Numbers and Characteristics here Were About 240 Million Rural Migrant Workers in Towns T and Cities, or Around One Third of China’s Urban Population in 2012 There were about 240 million rural migrant workers in Chinese towns and cities, or around one third of China’s urban population (712 million people) in 2012. Specifically, there were about 156 million non-local migrant workers, or 21.9 % of Before the outline of the 10th Five-Year Plan was released, the then General Office of the Ministry of Labor (MOL) issued the Opinions on Creating Jobs for the Surplus Labor Force in early 2000. In June, the CPC Central Committee and the State Council co-issued the Opinions on Promoting the Healthy Growth of Small Towns and Cities. In July, Chinese ministries/commissions such as the MOL, together with the Development Research Center of the State Council (DRC), co-issued the Notice on Furthering the Pilot Program of Creating Jobs for the Rural Labor Force. All these documents proposed that rural-urban migration be promoted and that unreasonable restrictions on farmers’ entry into cities for jobs be removed. In late 2001, the then State Planning Commission (SPC) required that seven charges relevant to migrant workers be cancelled by the end of February 2002. These policies and plans jointly led to the compensatory growth of the number of rural migrant workers in 2001 and 2002. 3 In 2009, 95.6 % of Chinese non-local migrant workers worked in towns or cities (the Department of Rural Surveys, the NBS 2010). 2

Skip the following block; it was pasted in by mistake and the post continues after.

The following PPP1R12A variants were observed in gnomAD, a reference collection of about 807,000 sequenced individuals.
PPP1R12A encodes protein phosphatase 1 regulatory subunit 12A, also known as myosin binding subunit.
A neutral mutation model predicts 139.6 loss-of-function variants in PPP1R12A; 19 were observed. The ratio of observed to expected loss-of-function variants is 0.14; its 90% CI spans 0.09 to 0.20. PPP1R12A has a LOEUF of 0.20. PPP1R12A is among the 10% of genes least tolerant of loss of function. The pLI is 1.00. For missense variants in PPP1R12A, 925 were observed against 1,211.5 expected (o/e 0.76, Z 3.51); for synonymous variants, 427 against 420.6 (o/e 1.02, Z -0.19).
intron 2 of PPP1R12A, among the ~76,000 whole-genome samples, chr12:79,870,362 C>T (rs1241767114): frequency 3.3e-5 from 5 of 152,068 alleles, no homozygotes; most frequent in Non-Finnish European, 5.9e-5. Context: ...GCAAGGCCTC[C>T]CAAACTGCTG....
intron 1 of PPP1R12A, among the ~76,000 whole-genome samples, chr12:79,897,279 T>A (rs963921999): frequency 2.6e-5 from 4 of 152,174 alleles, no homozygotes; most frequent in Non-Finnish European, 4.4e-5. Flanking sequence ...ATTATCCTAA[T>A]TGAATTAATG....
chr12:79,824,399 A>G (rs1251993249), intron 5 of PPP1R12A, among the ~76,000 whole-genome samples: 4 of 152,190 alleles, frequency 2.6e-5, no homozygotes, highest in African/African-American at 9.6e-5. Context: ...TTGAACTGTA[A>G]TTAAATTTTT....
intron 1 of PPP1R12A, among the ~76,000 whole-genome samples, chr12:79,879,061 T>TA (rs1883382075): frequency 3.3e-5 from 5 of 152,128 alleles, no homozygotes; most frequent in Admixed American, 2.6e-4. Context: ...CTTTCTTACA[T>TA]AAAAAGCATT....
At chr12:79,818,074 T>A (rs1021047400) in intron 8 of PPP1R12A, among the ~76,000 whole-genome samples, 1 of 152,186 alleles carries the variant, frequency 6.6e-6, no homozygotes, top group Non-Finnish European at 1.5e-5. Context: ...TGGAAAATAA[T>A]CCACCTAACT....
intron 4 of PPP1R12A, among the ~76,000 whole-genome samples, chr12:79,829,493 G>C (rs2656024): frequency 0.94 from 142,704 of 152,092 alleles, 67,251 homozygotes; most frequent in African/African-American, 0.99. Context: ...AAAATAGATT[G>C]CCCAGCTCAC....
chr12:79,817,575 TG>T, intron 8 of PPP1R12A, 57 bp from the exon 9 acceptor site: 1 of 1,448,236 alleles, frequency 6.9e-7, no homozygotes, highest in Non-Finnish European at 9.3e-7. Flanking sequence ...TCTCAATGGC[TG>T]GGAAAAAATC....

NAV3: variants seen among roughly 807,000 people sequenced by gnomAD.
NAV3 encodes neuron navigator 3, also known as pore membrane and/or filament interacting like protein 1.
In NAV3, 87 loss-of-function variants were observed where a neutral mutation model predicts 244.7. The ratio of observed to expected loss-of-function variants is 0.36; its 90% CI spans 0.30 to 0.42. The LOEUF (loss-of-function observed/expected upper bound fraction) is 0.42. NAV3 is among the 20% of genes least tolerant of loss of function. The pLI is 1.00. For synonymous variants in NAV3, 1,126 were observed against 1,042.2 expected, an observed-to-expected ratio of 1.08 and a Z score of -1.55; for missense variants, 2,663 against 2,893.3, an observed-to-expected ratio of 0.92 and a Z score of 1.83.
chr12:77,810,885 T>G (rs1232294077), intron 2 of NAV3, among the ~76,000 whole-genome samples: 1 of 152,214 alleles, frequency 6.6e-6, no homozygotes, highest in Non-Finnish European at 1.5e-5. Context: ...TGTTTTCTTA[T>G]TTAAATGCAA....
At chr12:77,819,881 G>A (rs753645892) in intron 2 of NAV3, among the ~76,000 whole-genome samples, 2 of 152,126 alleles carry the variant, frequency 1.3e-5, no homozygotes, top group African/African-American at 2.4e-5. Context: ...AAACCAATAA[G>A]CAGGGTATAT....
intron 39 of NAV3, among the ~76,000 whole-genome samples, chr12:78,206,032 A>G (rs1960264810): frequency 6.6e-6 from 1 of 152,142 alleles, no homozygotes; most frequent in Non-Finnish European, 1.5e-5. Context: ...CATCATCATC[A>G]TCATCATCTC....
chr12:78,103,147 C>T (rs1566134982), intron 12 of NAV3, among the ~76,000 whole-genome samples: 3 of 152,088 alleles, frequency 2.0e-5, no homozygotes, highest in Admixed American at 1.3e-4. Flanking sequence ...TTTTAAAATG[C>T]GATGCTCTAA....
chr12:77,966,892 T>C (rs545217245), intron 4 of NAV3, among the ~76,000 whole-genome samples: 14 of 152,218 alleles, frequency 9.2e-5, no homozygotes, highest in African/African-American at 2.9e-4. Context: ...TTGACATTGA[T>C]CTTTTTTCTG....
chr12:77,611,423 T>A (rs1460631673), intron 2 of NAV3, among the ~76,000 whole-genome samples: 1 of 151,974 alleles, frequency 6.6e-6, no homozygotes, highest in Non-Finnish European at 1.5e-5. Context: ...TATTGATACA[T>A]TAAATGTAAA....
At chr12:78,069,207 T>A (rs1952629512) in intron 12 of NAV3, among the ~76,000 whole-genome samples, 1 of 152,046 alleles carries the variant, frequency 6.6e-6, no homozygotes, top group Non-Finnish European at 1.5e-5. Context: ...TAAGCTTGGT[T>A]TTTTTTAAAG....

1 Overall Strategy for Promoting the Citizenization of Rural Migrant Workers Table 1.1 The number of rural migrant workers in China’s urban population (in million) Total population Urban population People with rural Hukou among urban population People with rural Hukou in cities People with rural Hukou in towns Floating population in urban population Floating population in cities Floating population in towns Non-local migrant workers in towns and cities
Source: the calculations are based on the Tabulation on the 2010 Population Census of the People’s Republic of China, the China Population & Employment Statistics Yearbook 2011, the Migrant Workers Monitoring Survey Report 2011, and the Statistical Bulletin of the People’s Republic of China on the 2008 National Economic and Social Development Note: the parenthesized percentages are the shares in the urban population. The number of non- local migrant workers in towns and cities was estimated on a 95.6 % basis